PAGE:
SEOUL, South Korea — North Korean leader Kim Jong-un called for stronger effort to overcome hardships and challenges facing his country as he opened a key political meeting after carrying out a record number of missile tests this year.
A plenary meeting of the ruling Workers’ Party was convened in Pyongyang on Monday to review past projects and discuss next year’s work plans, the official Korean Central News Agency said Tuesday.
Kim will likely use the meeting to reaffirm his resolve to expand his nuclear arsenal and introduce high-tech weapons targeting the U.S. and South Korea while laying out projects to revive pandemic-battered public livelihoods, some experts say.
In his opening comments, Kim compared hardships and challenges since a bigger party meeting in early 2021 to “the ten-year struggle of the revolution.” But he claimed North Korea has reported some successes “in the arduous course” and that his country’s power has “remarkably” increased in political, military, economic and cultural areas.
“He stressed the need to lay out strategies to launch more exciting and confident struggles based on valuable facts that the country has achieved practical advance after enduring all difficulties,” the official Korean Central News Agency said. It said Kim reviewed the “splendid” achievement made this year and clarified “the strategic and tactical” tasks to achieve North Korean-style socialism.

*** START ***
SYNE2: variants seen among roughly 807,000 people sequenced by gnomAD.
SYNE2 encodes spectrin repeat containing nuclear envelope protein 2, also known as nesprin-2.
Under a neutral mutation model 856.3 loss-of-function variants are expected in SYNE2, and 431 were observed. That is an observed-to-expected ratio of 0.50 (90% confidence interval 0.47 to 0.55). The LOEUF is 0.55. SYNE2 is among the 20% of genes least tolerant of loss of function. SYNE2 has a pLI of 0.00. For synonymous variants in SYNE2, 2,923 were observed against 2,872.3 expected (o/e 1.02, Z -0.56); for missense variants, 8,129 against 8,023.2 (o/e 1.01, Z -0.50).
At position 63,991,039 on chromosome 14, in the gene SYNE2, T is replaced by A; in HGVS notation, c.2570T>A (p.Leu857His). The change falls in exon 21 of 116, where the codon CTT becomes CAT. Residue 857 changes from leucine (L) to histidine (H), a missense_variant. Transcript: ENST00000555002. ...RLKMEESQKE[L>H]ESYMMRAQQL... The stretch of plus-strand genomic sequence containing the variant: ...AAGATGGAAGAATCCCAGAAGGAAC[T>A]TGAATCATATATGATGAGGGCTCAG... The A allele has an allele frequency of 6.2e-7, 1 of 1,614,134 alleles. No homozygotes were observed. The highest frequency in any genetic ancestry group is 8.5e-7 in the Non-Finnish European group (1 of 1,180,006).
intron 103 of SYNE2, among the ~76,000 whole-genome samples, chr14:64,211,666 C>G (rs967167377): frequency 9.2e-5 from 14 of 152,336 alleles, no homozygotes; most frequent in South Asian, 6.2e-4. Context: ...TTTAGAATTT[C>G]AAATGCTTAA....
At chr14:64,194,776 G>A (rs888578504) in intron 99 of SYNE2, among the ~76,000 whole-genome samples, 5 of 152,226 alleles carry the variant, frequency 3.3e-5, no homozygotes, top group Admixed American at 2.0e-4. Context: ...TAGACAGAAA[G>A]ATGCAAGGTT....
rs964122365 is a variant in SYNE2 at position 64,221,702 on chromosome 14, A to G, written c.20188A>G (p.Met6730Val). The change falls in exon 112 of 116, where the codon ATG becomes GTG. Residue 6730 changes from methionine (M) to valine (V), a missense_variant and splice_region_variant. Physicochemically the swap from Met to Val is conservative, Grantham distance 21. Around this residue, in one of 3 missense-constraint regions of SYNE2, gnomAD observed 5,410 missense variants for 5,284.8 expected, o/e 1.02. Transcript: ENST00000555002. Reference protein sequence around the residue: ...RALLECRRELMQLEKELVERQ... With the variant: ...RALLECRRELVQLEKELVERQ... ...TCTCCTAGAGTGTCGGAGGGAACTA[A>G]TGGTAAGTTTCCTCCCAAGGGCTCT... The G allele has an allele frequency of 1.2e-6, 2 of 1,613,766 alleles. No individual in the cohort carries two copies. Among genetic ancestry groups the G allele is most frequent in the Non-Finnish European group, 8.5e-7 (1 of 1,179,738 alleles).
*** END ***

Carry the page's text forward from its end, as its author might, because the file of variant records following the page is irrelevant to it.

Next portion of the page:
Kim may need such propaganda-driven claims to draw greater public loyalty to push difficult projects to bolster his weapons arsenal and address economic woes while facing U.S.-led sanctions and pressure campaigns to curb his nuclear ambitions, some observers say.
This year, Kim‘s military test-launched a record number of missiles, many of them nuclear-capable weapons capable of reaching the U.S. mainland and its allies South Korea and Japan. He’s said he won’t return to talks with the United States unless it withdraws its hostile policies, in an apparent reference to U.S.-led sanctions and its regular military drills with South Korea.
of flying drones
across their tense border for the first time in five years and responded by firing warning shots and scrambling warplanes.
It wasn’t known if any of the North Korean drones were shot down.
South Korea said it also sent its own surveillance assets, in an apparent reference to unmanned drones, across the border.
Copyright © 2022 The Washington Times, LLC.